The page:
The New York Review of Books is up in arms about the daring attempt to give Chartres Cathedral some of the painted color it may have had for a short time earlier in its history: “A Scandalous Makeover at Chartres.” The glossy yellow fake marbling is likened to “some funeral parlor in Little Italy.” Ouch.
You can read the full story there, but the main concern of the reviewer is that the authenticity isn’t really authentic:
The belief that a heavy-duty reworking can allow us see the cathedral as its makers did is not only magical thinking but also a foolhardy concept that makes authentic artifacts look fake. To cite only one obvious solecism, the artificial lighting inside the present-day cathedral—which no one has suggested removing—already makes the interiors far brighter than they were during the Middle Ages, and thus we can be sure that the painted walls look nothing like they would have before the advent of electricity.
Believing Christians have reason to be skeptical of this mindset – it views living worship spaces of living Christian communities primarily from viewpoint of artistic preservation rather than liturgical and devotional needs. The idol of originalist authenticity, which, be it noted, is a rather recent one in Western history, does not do justice to the Christian artistic tradition which brought forth such masterpieces. Our forebears felt free to add Gothic choirs to Romanesque spaces, and then to plaster Gothic spaces with Baroque ornamentation. Sometimes for better, sometimes for worse, but the tradition has lots of dynamic vitality.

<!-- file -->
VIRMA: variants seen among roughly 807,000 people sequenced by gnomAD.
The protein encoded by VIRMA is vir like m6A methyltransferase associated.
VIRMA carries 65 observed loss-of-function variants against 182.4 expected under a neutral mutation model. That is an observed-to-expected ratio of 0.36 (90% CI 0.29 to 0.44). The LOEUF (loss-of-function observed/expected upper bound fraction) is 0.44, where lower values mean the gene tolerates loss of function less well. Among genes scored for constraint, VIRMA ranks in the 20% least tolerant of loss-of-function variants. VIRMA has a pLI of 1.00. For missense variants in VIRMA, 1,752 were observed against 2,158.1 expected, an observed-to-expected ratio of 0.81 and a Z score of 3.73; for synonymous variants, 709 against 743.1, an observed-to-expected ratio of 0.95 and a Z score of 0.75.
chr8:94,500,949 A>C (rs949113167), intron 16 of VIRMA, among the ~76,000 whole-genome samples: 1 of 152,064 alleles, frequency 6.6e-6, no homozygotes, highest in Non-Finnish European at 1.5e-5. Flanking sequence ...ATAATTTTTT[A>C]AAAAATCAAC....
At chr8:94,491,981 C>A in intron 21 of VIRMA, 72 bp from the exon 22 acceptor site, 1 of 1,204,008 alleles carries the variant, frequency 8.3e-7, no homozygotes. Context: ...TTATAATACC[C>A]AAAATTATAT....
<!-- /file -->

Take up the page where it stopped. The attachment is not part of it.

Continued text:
To be sure, it is heartening to see that the author was initially more taken by the liturgy (the reformed liturgy) than he was by the space:
As we entered the great church, which was largely constructed between 1194 and 1230, High Mass was in full swing—the scene heightened by the combination of majestic organ music, chanted liturgy, clouds of incense, and banks of votive candles.
Carried away by the splendors of the moment, I did not initially realize that something was very wrong.
That’s a good sign. And the reviewer acknowledges some of the inherent tensions between religious and artistic ends:
Observant Catholics[‘] … primary interest in the cathedral is religious rather than aesthetic…
He notes that observant Catholics
have been particularly appalled by one aspect of the program: the repainting of Our Lady of the Pillar, the early-seventeenth-century devotional statue of the Virgin Mary and the Christ Child familiarly known as the Black Madonna.
But I’m sure surprised that all this is going on and is even in vogue in France. The reviewer writes:
In fact, medievalists have been alarmed for some time about this approach to renovation, which despite its recent vogue in France seems to violate international conservation protocols
At any rate, it could be worse. It always could be worse. Do you remember this from Steve Martin? Demolition of the Cathedral at Chartres.